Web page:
Me: Hey, y’all! I’ll be going to the North this month! I’ll be taking a bus and I…
Person A: Wouldn’t you rather fly there instead?
Me: Of course I would.
Person: A.1: So you are going alone? Aren’t you afraid?
Me: Well…Of course I am. I’m terrified.
Person A.2 & beyond: Hmmm. Let’s pray nothing happens. Me, I don’t trust these Ghana roads. So many people DIE on these our roads. And the armed robbers! Ah well; let’s pray that they don’t target your bus.
Me: Yeah…That’s not comforting. Like at all. But thanks!
I know it’s impossible to tell from my social media posts, but I’m actually in Ghana to do real work. I’m here to do research for a novel I’ve had on my heart and in my brain for five years. The protagonist – a woman I met in my dreams – just won’t cut me loose so I’ve decided to yield and go on the journey required to get the full details of her (fictional?) life. A portion of that journey requires me to go to Sabuli, a village in the northernmost part of Ghana.
Sabuli? Where the heck is that? I’ve become accustomed to the quizzical looks and furrowed brows at the mention of this small town’s name. To be honest, I’m not even certain how I found it myself, save to attribute its discovery to a phantom’s guidance. Beyond the coordinates for the town and a few sad images of a tree or three, a Google search for Sabuli will turn up virtually nothing. As you can imagine, this was incredibly frustrating for me. For my previous novels, I’ve gotten by with solid armchair research to flesh out the details needed to bring my characters and the plot alive. This was not to be the case for the story of a kola nut trader’s daughter, the character central to this next tome to be. Hers is not a happy story, and it has taken me this long to commit to tackling it because of fear. The things I have to write to bring her story to life are appalling, as I have to take her, myself and the eventual readers through a series of soul crushing heartbreaks before the stories conclusion. I’ve put this off for five years citing financial obligations, the tender ages of my children and any other excuse I could conjure. But the Universe – as it always does – has conspired to demolish all of those obstacles and others I hadn’t yet considered.
Though Ghana is a relatively small country (you can traverse its length in 16 hours or less, if we had better roads) people from either end are shockingly ignorant about one another. I count myself among that number. The north of Ghana is just as foreign to the typical southerner as is the dark side of the moon, and vice versa. However because economic opportunities are more plentiful in the south, northerners are more inclined to travel in that direction than the other way round. This has led to a profusion of misconceptions and stereotypes of the typical sort that tag themselves to economic migrants. Accusations of resorting to violence to solve disputes, a propensity for loving filth, ignorance and general un-refinement are often lobbed at northerners. In fact, so pervasive were these stereotypes that when I made a fast acquaintance with two northern women (whom I now consider friends), I was shocked when they revealed their ethnicities to me. These were university educated, entrepreneurial women who shone in every way one might deem important. My surprise would’ve been muted had we grown up with a more fair and comprehensive representation in the media and social conversations at large about our northern neighbors.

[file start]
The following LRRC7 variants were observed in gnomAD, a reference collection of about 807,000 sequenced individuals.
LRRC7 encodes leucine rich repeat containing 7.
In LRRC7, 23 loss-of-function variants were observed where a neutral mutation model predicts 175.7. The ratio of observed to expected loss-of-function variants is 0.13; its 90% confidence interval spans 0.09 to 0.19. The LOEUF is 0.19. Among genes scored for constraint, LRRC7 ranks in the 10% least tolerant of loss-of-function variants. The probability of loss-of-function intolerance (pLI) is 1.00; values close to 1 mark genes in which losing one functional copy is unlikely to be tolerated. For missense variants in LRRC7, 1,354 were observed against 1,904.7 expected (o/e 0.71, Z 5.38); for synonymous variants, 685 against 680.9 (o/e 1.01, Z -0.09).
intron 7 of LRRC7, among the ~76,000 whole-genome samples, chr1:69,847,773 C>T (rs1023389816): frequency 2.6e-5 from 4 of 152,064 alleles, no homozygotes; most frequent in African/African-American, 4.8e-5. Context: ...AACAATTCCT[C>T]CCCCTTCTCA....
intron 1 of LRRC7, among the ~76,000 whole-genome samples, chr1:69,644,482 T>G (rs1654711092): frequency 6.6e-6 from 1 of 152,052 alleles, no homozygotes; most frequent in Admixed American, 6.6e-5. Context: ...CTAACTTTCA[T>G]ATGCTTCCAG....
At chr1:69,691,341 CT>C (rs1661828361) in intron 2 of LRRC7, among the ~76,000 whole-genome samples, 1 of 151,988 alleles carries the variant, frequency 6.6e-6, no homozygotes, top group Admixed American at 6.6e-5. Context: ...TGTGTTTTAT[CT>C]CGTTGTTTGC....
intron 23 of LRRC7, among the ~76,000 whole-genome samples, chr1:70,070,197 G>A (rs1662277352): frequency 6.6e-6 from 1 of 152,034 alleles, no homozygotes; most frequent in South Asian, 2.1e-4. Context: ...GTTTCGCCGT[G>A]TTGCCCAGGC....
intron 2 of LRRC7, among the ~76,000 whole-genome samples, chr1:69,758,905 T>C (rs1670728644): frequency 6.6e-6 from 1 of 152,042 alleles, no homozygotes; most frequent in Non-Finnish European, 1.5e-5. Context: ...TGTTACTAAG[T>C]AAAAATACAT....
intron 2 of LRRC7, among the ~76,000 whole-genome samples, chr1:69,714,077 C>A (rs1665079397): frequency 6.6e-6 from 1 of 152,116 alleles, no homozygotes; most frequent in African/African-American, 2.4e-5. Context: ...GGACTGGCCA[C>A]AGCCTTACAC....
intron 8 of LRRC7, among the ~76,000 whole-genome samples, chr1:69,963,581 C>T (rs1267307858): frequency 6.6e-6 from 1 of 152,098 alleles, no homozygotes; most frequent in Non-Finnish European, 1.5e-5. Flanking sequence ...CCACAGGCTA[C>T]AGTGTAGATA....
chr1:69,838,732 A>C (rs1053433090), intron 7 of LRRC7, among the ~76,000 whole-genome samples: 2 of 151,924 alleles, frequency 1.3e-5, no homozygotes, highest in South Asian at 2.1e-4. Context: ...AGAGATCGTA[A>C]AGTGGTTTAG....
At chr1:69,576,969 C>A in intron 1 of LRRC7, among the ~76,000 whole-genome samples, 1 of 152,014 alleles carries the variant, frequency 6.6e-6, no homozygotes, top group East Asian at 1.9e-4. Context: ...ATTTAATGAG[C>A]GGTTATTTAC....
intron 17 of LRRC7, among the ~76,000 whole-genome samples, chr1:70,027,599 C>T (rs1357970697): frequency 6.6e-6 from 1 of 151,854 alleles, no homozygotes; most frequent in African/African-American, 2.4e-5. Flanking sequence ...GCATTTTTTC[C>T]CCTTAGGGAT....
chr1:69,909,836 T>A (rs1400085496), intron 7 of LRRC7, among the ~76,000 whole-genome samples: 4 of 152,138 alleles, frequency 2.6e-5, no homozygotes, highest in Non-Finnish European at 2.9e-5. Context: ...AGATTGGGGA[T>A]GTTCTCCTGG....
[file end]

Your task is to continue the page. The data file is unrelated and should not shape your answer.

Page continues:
Still, years of conditioning and negative messaging affected my confidence. I was going to a place where the language – Dagari – is vastly different from Akan (which I’m not proficient in, but can navigate), where the people have a reputation for unprovoked unruliness and barbarity, and is hundreds of miles away from anything familiar to me. If I got into a jam or needed help, none of my family would be able to assist me. This is exactly the situation that my character finds herself in on her journey southward.
I needed to feel each of those emotions as she might have felt them. Experience her apprehension and terror. Put myself in a position to be vulnerable and rely on the kindness of strangers, though my instincts screamed not to. In short, I needed to provoke empathy to inform my writing.
As I prepare to get on this bus and take the estimated 12 – 15 hour ride to reach my destination, I know that this is a test of my courage and tenacity. It is a test to discover which voices I will give power to and have persuasion over me. Whether I fail in my mission is completely up to me.